When Apple preview of the upcoming accessibility software as part of last month’s Global Accessibility Awareness Day (GAAD) celebration, there was some noise. The reason the company did this at GAAD was to “make room” for the announcements to come at the Worldwide Developers Conference (WWDC). On the one hand, there is a grain of truth in this reasoning; the root note was so packed with news that Apple didn’t bother to share what’s new in this year one of his ostensibly pillar platforms† On the other hand, however, a legitimate argument can be made that saying that Apple announced the aforementioned accessibility features prior to WWDC to get it out of the way implies that accessibility will not affect iOS 16, iPadOS 16, macOS Ventura, watchOS 9 in any way. , and, yes, tvOS 16. Not only is that logic arguably competent, it’s utterly shortsighted. Indeed, accessibility can be a discrete collection of esoteric functionalities, designed for a particular group of people. Still, its abstract dynamism means accessibility certainly permeates many of the so-called mainstream features Craig Federighi and crew unveiled on Monday morning on a pre-recorded stage.
With this feeling in mind, here are some thoughts on five new features of Apple’s operating systems that are sure to have an impact on accessibility. Apple invited me to the event at Apple Park, and I was in the audience with my fellow media members this week when Apple’s presentation played almost literally on a Jumbotron.
The redesigned lock screen. The redesigned lock screen, which relies heavily on technologies found on watchOS, is meant to be more useful at a glance — it was no accident that Apple lifted the Apple Watch’s complication idiom. From a practical point of view, the new lock screen should become much more attractive (and more personal) than today’s relatively stable state. From an accessibility perspective, this means that people with cognitive and/or fine motor delays should have significantly less overhead when gathering information.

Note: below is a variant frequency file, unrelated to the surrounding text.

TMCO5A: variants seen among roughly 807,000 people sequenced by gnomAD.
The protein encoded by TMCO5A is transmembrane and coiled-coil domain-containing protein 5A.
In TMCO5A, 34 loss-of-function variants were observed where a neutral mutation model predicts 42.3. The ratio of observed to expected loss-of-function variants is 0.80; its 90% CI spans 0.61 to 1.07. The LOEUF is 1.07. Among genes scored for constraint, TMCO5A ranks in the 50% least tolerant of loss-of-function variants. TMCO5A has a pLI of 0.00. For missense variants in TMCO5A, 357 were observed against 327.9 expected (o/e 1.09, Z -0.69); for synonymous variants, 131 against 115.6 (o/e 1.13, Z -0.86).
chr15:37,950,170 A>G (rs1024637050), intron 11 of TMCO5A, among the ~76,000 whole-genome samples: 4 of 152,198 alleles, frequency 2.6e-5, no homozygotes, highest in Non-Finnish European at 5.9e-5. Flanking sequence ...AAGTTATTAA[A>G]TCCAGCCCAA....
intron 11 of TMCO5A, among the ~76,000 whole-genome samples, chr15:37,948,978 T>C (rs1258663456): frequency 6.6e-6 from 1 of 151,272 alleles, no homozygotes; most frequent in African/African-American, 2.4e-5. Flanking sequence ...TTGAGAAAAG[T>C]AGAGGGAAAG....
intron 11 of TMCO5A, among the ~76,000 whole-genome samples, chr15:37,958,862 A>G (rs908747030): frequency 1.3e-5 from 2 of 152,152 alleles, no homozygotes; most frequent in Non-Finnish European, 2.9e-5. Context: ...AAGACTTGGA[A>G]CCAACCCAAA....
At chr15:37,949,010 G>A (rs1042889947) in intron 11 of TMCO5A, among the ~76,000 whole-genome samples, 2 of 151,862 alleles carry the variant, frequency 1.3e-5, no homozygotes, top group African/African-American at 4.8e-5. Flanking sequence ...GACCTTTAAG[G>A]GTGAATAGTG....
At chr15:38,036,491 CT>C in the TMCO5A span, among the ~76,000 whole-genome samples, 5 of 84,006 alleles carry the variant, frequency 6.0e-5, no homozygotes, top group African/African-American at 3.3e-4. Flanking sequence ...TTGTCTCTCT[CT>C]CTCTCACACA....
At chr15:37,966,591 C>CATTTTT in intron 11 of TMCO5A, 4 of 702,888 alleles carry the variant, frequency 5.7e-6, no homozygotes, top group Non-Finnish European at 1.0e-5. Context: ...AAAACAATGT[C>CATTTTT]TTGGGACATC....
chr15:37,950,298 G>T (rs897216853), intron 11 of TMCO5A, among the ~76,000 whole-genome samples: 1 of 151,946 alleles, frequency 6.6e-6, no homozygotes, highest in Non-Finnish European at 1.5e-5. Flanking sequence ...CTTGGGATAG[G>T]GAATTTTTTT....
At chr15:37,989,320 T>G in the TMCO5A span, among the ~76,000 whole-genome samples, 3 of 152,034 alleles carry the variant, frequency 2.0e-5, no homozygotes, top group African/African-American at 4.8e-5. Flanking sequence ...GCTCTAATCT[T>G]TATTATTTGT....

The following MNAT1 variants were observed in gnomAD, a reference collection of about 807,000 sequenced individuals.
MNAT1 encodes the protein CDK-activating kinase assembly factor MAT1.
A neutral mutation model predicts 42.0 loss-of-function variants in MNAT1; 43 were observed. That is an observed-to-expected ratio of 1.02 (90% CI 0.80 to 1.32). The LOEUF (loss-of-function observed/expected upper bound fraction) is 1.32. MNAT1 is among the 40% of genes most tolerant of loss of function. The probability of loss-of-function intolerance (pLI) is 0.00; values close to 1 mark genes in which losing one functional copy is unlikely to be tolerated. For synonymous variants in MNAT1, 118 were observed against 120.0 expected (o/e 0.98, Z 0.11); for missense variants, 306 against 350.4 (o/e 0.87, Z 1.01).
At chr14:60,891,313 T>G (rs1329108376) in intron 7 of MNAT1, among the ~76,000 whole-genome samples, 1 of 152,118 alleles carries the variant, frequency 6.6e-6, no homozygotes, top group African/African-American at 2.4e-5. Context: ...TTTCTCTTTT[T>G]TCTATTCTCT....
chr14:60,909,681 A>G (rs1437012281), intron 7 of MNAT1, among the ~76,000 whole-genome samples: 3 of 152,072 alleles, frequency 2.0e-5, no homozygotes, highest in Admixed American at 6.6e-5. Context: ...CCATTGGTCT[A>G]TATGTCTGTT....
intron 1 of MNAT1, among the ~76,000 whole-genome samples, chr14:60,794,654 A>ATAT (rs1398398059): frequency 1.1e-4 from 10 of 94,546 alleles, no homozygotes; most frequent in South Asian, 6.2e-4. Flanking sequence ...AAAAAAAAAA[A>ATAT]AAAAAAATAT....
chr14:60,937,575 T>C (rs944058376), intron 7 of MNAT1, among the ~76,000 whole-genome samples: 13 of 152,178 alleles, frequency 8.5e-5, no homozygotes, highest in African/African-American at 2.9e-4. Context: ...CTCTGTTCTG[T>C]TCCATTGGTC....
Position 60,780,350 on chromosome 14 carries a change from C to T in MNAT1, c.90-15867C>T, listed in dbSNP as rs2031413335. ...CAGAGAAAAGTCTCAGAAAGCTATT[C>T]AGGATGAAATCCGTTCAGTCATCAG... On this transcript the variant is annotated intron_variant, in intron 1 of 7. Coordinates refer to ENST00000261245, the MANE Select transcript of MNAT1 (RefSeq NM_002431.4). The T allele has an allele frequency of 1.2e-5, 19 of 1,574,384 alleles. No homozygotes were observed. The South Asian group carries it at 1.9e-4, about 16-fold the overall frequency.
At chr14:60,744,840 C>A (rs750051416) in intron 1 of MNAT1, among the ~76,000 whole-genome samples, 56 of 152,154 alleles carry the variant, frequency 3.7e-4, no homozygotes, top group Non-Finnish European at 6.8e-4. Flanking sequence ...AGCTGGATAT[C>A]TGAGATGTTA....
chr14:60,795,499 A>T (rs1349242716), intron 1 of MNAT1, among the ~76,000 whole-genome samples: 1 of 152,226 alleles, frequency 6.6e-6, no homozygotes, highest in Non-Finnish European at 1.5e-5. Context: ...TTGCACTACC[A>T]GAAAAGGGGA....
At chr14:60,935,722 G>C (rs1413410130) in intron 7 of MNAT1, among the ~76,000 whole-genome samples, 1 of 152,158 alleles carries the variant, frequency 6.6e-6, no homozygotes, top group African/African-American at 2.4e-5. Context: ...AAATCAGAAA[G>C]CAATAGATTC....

For example, look at the weather. Currently you need to unlock your phone, find the Weather widget (or app) on your home screen and tap on it. If you look at it from a task analysis standpoint, those different steps are a lot of work. For many with the cognitive and motor disabilities mentioned above, the seemingly mundane task of checking the weather can be an arduous task. It can be tiring to remember Where your Weather widget is and how to navigate through it. Smartphones may now be an appendage to most people, but it doesn’t mean that their operation is necessarily second nature to all people. The new lock screen aims to reduce the number of “paper cuts” a disabled person may encounter by reducing what was once a multi-step process to a single step. If this feels familiar, it’s because the concept is identical to the allure of Shortcuts: they transform the annoying into something more eminently suitable.